India's street typists: a vanishing breed

India's street typists -- skilled professionals who type documents for passersby who need formal paperwork for official purposes -- are in great financial difficulty. Their trade has been largely supplanted by computers with word-processors. Even the love-sick young men who would come to them to type out love letters have moved on. The BBC profiles the street typists of Calcutta, in a piece steeped with melancholy at a world that has moved on.

Ajay took the job because he could find no other work. He says he would not advise anyone to follow his example.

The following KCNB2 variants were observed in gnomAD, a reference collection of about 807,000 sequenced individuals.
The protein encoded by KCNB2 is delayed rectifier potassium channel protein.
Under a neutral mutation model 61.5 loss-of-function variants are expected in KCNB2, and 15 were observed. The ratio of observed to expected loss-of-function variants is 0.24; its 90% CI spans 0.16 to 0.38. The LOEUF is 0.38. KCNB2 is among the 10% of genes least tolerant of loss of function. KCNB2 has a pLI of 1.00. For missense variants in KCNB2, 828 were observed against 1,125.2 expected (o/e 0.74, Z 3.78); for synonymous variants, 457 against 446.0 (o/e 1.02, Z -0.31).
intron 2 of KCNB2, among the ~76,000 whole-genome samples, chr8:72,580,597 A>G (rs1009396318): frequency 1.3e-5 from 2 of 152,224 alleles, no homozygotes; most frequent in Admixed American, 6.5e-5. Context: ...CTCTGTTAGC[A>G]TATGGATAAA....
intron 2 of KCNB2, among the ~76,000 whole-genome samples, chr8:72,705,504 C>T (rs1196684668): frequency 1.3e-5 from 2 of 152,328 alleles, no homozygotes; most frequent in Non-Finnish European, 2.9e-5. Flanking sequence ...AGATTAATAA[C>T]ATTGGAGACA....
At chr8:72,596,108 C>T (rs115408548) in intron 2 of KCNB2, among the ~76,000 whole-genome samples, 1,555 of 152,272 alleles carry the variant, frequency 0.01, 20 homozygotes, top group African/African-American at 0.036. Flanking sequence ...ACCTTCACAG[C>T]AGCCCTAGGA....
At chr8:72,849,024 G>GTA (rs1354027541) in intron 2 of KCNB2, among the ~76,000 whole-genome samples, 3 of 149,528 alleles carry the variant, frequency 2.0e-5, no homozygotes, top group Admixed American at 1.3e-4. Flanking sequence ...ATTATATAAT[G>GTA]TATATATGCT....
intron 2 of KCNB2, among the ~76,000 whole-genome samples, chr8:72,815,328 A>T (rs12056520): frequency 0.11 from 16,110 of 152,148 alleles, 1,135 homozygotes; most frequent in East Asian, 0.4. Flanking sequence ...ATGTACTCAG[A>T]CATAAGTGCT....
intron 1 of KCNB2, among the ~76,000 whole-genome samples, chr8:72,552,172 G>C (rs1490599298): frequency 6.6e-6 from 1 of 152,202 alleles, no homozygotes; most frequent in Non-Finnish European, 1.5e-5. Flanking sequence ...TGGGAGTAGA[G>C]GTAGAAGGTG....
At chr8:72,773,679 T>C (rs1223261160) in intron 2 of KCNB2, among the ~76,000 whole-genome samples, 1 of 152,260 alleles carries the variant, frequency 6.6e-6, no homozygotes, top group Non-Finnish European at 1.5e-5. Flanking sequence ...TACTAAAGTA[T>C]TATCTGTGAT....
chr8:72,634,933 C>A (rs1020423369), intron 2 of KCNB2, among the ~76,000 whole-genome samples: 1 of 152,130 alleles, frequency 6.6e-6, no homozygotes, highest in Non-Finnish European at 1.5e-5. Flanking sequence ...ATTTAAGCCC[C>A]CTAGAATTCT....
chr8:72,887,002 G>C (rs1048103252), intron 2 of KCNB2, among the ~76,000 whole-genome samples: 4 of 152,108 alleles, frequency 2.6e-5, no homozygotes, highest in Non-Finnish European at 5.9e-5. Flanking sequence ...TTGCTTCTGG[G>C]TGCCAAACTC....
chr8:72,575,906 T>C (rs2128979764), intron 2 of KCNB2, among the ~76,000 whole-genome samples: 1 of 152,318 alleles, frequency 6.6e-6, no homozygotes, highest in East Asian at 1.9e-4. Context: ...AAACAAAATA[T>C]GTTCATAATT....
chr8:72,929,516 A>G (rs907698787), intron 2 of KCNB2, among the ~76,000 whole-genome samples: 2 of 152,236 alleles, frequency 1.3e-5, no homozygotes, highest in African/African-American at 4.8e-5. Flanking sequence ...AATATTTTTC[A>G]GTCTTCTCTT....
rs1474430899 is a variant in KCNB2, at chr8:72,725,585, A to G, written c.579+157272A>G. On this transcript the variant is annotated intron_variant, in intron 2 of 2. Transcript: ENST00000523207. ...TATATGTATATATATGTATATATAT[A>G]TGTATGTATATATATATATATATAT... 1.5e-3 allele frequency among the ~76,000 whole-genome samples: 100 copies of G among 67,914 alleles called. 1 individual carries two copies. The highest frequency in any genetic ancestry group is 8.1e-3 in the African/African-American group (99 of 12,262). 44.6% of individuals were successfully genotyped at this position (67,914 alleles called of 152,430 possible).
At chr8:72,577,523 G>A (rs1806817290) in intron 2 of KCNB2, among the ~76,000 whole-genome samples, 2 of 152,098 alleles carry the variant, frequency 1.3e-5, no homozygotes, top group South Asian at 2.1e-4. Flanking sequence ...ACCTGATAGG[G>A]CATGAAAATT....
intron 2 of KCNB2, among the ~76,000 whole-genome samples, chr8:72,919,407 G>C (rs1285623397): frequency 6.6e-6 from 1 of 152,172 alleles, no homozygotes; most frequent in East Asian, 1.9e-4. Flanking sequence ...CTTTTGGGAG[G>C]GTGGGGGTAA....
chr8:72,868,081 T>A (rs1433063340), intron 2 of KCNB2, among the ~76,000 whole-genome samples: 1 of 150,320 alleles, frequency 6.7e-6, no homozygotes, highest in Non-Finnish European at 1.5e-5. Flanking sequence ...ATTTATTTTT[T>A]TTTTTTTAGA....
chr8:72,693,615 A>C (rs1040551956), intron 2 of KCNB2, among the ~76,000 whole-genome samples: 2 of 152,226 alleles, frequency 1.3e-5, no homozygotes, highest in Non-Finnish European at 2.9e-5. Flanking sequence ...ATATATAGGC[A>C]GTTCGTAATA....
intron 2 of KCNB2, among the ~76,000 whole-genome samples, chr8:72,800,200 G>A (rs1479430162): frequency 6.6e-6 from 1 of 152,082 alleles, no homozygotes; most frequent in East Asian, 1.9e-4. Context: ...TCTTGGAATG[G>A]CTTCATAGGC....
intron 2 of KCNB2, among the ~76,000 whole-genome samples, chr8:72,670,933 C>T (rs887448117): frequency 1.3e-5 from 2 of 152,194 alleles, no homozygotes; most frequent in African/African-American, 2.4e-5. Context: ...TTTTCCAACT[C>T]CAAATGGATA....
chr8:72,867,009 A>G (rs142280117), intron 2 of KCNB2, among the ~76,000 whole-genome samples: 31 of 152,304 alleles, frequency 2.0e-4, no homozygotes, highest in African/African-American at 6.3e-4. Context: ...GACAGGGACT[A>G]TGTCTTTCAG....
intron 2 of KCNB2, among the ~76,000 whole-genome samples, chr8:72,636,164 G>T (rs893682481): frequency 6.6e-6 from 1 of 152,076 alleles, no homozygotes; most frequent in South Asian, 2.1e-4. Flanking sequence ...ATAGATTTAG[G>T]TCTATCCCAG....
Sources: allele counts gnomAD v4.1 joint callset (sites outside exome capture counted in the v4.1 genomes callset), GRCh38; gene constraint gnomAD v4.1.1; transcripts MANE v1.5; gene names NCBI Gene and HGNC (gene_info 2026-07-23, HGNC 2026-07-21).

"There are only old men here now. There are no youngsters here."

"I even told my son not to join this profession as it is difficult to make a living on the streets now."

It is time for him to go home after another largely fruitless day.

As I walk away he shouts out: "Come and see me soon. I and my friends may not be here for much longer."

India's street typists heading for a final full-stop [Rahul Tandon/BBC]

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  1. When I was in Moshi, Tanzania, I was struck by how many people there were on the sidewalk with a sewing machine offering on the spot clothing repairs and tailoring. Most everybody I saw in town and in rural areas wore clothes typical of the developed world but I guess they keep those clothes in repair rather than be part of the throw away and replace new cycle. Wonder how much longer that's going to last.

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